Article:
This is one of a collection of posts I’ve written recently to provide a high-level introduction to all of the products and services available within a Rackspace Cloud Account. I like to think of them as the building blocks of the Internet. Each post will give a description of the product, how to use it, the costs and the most frequently asked questions about that product.
I’ve also included several videos to help show how to configure, deploy and use all of these products.
As always, feedback is welcome and appreciated!
At first glance, Cloud Files appears to be nothing more than a very large external hard drive attached to your computer via the Internet; and this description isn’t entirely wrong. You can store an unlimited quantity of files, ranging in size from a few bytes to a few Gigabytes, and only pay for what you use.
While inexpensive, infinite storage is useful, the ability to quickly and efficiently distribute stored information via a built-in content delivery network (CDN) makes Cloud Files a powerful, multi-faceted product capable of solving a variety of problems.
What’s a CDN?
This may not be a term you’re familiar with, but understanding what it is and, more importantly, how it can give your site better performance at a potentially lower cost, is a key factor in becoming a cloud expert.
Instead of your files living only on your Cloud Servers, a content delivery network (CDN) lets them live in a global network of servers. This allows content to be stored and served with high availability and high performance from different points across the Internet rather than a single location. In fact, Cloud Files is so good at delivering content that you can host some websites directly from a Cloud Files container.
Given the elastic nature of its storage capacity, the redundancy with which your objects are stored and the built-in content delivery network, there are a number of use cases for Cloud Files, including:
A deep dive into all of the uses cases is beyond the scope of this introduction. To learn more about how all of the available uses and best practices for Cloud Files, refer to this article in the Rackspace Knowledge Center: Getting Started with Cloud Files
At its most basic functionality, Cloud Files is used by first creating a container (think of creating Folders on your laptop) and then uploading files to that container for storage. Depending on the type of container created you have the option of using the built-in CDN to share that content with other users in a number of ways.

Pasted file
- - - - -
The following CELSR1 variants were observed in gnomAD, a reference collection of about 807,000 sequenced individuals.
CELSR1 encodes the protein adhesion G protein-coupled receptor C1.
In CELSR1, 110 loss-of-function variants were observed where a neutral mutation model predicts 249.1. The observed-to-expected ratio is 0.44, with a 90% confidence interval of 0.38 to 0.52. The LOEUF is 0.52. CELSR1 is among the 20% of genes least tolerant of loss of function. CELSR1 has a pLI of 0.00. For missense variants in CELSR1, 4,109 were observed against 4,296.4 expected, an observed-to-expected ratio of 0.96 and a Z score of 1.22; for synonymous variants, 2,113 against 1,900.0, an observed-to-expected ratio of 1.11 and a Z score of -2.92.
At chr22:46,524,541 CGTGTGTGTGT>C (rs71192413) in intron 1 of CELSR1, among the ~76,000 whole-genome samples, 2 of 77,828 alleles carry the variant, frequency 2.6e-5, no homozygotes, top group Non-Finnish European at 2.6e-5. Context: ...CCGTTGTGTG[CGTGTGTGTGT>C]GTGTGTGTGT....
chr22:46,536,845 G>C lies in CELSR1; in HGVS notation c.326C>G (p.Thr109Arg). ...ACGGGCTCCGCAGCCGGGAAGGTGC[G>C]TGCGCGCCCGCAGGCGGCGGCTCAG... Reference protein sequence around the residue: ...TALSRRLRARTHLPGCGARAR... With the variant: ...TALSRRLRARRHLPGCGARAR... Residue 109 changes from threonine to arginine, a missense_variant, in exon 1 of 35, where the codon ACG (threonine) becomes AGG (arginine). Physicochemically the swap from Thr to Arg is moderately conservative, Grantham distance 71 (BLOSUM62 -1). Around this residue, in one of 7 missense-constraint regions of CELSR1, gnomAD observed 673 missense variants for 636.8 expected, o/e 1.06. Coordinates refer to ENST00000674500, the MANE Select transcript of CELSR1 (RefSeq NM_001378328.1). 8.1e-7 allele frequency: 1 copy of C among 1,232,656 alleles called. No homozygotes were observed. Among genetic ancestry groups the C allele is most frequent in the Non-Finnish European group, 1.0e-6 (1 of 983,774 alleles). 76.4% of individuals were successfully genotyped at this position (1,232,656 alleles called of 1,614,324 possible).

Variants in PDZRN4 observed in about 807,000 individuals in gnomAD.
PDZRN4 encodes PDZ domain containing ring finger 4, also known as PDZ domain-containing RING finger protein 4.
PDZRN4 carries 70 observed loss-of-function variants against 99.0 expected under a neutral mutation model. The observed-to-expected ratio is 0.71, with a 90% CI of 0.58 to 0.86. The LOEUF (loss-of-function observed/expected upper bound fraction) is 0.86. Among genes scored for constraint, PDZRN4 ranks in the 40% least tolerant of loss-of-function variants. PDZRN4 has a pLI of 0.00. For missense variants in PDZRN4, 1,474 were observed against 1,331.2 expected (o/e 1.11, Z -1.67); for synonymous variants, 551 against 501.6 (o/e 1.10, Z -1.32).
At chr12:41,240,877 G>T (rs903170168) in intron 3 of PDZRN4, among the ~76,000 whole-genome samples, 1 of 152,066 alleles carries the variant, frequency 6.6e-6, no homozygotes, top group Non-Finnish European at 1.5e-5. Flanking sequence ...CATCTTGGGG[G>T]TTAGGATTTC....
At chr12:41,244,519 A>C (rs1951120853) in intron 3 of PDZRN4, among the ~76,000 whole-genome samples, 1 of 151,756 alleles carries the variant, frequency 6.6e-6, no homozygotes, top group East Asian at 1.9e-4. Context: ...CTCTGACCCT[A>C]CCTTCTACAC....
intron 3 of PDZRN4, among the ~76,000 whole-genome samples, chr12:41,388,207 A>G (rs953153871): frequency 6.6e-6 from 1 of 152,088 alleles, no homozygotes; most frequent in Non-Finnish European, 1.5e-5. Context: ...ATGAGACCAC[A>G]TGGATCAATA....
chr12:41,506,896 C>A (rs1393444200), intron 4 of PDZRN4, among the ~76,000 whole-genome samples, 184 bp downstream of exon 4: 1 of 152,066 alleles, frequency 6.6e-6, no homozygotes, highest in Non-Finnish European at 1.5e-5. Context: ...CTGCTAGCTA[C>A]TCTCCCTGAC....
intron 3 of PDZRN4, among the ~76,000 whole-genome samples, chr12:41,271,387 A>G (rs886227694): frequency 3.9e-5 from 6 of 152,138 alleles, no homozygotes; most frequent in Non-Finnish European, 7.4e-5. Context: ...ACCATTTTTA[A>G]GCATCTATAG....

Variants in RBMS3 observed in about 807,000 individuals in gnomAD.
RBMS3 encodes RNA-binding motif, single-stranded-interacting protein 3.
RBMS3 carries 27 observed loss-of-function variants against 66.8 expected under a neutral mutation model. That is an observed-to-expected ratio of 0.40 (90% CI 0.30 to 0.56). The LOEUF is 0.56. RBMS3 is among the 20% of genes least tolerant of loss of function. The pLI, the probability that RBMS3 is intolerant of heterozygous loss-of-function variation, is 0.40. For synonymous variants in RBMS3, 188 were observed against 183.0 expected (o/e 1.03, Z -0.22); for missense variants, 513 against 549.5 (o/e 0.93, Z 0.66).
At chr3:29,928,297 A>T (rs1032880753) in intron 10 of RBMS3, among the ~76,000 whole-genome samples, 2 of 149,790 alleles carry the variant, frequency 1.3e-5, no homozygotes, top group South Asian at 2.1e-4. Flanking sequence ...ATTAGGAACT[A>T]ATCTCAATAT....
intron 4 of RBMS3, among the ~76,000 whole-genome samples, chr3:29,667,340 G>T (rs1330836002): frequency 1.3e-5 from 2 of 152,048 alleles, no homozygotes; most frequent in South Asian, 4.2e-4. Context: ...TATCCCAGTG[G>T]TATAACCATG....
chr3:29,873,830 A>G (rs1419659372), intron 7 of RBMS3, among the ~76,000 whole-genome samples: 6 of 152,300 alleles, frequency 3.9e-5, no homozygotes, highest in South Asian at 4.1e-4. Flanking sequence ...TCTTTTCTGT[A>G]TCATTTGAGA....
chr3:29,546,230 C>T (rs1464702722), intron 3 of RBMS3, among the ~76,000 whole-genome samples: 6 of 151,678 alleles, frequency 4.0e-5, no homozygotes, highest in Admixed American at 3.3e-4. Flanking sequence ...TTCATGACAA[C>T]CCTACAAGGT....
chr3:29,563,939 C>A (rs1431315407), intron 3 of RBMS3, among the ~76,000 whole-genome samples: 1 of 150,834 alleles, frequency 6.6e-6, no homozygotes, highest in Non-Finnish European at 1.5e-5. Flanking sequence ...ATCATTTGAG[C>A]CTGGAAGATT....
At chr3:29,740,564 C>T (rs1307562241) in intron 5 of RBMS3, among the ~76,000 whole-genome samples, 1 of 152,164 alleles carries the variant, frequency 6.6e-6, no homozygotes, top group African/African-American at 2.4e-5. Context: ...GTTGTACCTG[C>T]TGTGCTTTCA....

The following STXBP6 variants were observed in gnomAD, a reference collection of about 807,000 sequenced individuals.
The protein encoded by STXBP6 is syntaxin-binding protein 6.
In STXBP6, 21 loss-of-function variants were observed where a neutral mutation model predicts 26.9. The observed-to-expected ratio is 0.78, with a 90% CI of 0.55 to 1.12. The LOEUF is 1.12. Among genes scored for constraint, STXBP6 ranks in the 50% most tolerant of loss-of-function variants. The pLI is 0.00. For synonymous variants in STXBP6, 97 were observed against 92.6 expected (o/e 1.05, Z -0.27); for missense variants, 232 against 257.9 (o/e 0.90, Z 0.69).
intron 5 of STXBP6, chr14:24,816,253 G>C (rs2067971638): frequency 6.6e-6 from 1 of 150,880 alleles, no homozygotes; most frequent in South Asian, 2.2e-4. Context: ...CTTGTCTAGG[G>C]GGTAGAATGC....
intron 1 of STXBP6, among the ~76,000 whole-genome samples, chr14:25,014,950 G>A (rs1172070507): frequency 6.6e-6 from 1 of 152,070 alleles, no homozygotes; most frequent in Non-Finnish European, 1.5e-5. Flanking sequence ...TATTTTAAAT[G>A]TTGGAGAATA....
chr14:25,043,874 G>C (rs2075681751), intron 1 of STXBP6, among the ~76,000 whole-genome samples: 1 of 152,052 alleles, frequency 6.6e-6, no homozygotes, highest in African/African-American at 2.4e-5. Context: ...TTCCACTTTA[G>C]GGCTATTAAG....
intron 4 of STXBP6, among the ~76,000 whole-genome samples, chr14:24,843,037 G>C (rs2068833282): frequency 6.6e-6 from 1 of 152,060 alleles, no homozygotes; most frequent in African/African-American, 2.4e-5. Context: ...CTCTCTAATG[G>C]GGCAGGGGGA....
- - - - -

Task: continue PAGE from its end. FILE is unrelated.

A new container can be designated as follows:
How do I get my web content into the right container?
There are a number of ways to upload data into a Cloud Files container. Your account’s control panel provides you with a web interface that will allow you to create containers and upload data. In addition to that, you can also use a third-party application like Cyberduck or FireUploader to upload additional files and obtain more flexibility with a virtual file structure.
Content management systems (CMS) like WordPress or Drupal have plugins that will automate the uploading and distribution of static content for your site to accelerate web access. A good example for WordPress is W3 Total Cache. Here are instructions on how to install and use this plugin in our Knowledge Center: Accelerating WordPress 3.5.2 with Cloud Files and the W3 Total Cache 0.9.2.11 Plugin
W3 Total Cache can automate the process of uploading static content from your website to Cloud Files and distribute via CDN.
Here’s a video showing the most basic usage of Cloud Files from the control panel:
And here’s how to access your Cloud Files container with Cyberduck using your API key:
Q: What is the cost of Cloud Files?
A: Cloud Files offers pay-as-you-grow pricing, which offers increased savings as your storage need increases. As of this post, Cloud Files has the following pricing structure.
I would recommend checking the pricing page for the most accurate and up-to-date information about price.
Q: Can I use CNAMES with a Cloud Files container?
A: Yes, there is very helpful article in the Rackspace Knowledge Center: How can I use CNAMES with Cloud Files containers.